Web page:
Also, she got tricked by a mimic again! Oh dear XD

Page 16

Top left panel, struggling a bit with the string of kana. I broke it up like 「50年も100年も・彼女にとっては・些細なもの・なの・かもしれないね。」and got “Perhaps 50 years or 100 years are, as far as she is concerned, a trivial thing, right?” but can’t figure out what that なの in the middle is for.

Page 18

Middle left panel, I’m a little confused why 「困ったな」 is in past tense here when it seems like Frieren is currently feeling that? Also the 「召喚に使うのに…」I think is roughly “In order to summon it…” but that bit is so short I’m sure there’s context bits that change how that is.

Bottom right panel, the part that Himmel is saying in the handwriting, I think that’s along the lines of “It looks like something with a wicked aura coming out of it, but it’s not harming the human body, isn’t that right?” which, besides being clunky, is that the right kind of nuance? Maybe a more natural sounding way of phrasing that would be like “It looks evil, but it doesn’t seem to be harmful, is it?”

Bottom left panel 「 もうすぐ半世紀流星の時期だし、 ついでに取りに行くか」I’m confused in the grammar in the second half. Based on the context of the first half I think it’s like “Since it’s almost time for that half-century meteor, while I’m at it, should I go to take them?” But just looking at how bad the grammar is in my English version I know that’s not going to be it :sweat_smile:


Mimic count: 2

Thank you for the transcription. I was just staring at 害 in despair when you posted.

Page 18

Middle left panel, I’m a little confused why 「困ったな」 is in past tense here when it seems like Frieren is currently feeling that?

You see that with 困る a lot. I think of it as “It’s become a problem” (implied: and is still is), but it’s also one of those things that’s not worth overthinking.

Also the 「召喚に使うのに…」I think is roughly [spoiler]“In order to summon it…”

のに literally means “even though”, but it’s one of those nuance things where it sometimes sounds more natural not to translate it at all. So Frieren probably means something like “(But) I need it for a summoning” (more literally: “But you use it for summonings” or something).

Bottom right panel, the part that Himmel is saying in the handwriting, I think that’s along the lines of “It looks like something with a wicked aura coming out of it, but it’s not harming the human body, isn’t that right?” which, besides being clunky, is that the right kind of nuance? Maybe a more natural sounding way of phrasing that would be like [spoiler]“It looks evil, but it doesn’t seem to be harmful, is it?”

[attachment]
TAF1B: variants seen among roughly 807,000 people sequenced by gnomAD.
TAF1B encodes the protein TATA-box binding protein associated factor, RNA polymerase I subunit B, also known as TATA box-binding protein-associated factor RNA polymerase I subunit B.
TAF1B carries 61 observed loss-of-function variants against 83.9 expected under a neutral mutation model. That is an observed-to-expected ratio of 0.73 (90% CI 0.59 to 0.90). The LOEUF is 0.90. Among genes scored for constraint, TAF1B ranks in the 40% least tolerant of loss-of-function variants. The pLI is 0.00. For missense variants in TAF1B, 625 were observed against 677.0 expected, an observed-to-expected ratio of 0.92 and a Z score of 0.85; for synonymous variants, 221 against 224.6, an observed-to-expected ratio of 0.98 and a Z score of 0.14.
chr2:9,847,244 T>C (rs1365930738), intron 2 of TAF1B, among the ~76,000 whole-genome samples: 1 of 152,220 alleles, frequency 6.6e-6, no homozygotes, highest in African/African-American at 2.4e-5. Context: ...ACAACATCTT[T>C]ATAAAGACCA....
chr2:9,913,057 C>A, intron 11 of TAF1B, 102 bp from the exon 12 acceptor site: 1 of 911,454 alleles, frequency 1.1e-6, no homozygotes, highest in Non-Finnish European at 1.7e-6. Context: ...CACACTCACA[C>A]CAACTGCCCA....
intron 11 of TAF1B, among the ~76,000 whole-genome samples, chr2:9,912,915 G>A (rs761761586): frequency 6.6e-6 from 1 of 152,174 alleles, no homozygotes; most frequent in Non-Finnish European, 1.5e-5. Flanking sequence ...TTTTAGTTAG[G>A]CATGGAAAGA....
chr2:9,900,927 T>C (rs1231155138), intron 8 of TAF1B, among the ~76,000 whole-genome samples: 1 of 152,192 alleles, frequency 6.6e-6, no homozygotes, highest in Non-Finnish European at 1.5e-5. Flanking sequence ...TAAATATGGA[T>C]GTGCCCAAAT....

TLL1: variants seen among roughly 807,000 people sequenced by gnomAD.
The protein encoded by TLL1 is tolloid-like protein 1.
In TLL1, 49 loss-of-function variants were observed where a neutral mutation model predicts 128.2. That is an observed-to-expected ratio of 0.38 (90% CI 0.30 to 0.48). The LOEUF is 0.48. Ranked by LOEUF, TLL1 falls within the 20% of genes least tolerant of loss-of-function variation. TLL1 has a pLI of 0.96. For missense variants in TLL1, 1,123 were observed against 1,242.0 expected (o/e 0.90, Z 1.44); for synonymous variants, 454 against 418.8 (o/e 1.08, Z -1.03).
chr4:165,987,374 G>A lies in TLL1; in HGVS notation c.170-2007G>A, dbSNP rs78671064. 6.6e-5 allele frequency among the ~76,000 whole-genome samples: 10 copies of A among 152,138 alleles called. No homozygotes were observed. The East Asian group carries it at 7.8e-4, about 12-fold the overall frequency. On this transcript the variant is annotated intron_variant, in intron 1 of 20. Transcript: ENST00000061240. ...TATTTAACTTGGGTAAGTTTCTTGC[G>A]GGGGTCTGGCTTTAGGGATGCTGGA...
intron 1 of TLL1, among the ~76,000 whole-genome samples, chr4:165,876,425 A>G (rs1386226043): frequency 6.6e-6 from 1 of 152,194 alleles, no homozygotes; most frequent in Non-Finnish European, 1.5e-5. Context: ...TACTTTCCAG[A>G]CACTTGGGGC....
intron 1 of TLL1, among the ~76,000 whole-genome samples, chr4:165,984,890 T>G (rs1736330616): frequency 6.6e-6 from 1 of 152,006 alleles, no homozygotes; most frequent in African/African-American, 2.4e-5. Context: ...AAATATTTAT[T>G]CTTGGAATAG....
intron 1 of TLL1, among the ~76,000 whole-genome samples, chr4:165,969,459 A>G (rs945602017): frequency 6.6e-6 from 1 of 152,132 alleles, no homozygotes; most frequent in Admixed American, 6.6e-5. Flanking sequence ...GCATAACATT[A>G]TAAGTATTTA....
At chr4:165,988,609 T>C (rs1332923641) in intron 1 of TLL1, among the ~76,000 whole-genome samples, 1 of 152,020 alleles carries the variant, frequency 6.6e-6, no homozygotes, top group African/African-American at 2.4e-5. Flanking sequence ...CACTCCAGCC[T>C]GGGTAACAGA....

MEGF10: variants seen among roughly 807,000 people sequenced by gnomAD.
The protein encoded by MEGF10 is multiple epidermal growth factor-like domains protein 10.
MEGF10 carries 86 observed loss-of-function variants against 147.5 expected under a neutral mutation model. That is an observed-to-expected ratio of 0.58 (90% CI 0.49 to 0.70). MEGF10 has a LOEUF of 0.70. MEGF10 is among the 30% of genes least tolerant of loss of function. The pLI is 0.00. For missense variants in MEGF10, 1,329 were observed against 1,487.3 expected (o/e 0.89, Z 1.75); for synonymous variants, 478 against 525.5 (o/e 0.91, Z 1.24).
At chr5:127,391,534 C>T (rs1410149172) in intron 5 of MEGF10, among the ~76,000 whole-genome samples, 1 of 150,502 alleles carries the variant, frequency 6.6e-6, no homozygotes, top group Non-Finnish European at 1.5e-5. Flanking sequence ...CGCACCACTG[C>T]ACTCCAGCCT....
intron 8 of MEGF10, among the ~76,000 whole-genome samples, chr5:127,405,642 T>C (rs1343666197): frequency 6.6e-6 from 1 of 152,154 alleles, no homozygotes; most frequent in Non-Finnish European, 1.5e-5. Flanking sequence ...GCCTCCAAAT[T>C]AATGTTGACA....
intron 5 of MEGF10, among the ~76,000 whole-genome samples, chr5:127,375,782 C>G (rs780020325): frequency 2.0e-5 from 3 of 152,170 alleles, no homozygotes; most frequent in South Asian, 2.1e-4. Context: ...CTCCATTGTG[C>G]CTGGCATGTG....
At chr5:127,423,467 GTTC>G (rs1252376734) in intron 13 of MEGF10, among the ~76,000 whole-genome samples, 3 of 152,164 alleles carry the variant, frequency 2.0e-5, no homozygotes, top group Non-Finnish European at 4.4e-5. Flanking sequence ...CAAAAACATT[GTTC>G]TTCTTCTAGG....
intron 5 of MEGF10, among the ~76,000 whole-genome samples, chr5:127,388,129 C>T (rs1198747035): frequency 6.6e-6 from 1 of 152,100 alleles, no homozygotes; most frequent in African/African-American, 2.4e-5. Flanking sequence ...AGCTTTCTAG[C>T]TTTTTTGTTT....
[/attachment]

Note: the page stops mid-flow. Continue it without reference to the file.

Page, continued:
If I were a professional translator, I’d maybe make it sound less like a rhetorical question and more like something that requires an actual answer, since Frieren answers “I don’t know”, but I think you got the gist very well.


My understanding is that this is a form of the のです grammar pattern.

First of all, the な is only there because of the embedded sentence
些細なものだ turns into 些細なものなの
If this was a sentence saying “些細なものなのです”, it would be an explanatory sentece saying “It’s because this is trivial for her”. But changing it to “些細なものなのかもしれないね”, it’s “Maybe it’s because it’s a trivial thing for her”


のに has a second meaning: in order to. I think that might be the meaning for this case.
See のに (JLPT N3) | Bunpro

Page 18

Hm, might be true. However, isn’t it kind of redundant here, because the first に already marks 召喚 as the purpose for which you’d need the horn?

Page 24


Was exactly is Himmel’s answer here? Frieren seems to be saying something like “There’s no point in obsessing because you’re bald”. And then he’s like “I have an obsession with getting bald”. Is this just the equivalent of a petulant “yes, there is”, or is he worried about getting even balder or is there some completely different nuance that I’m missing?

p. 18

In that usage it’d refer to the whole verb phrase including 使う - so “in order to use it for summoning”. I agree that that’s probably not it, though. It doesn’t make much sense here.

のに can be used at the end of a sentence similarly to けど and the like, but with more of a nuance of being frustrated or complaining. So I would translate this as “I need to for a summoning, though…”

p. 24

Frieren is saying there’s nothing to fuss over because he’s bald. Himmel is saying his baldness is exactly what he’s fussing over.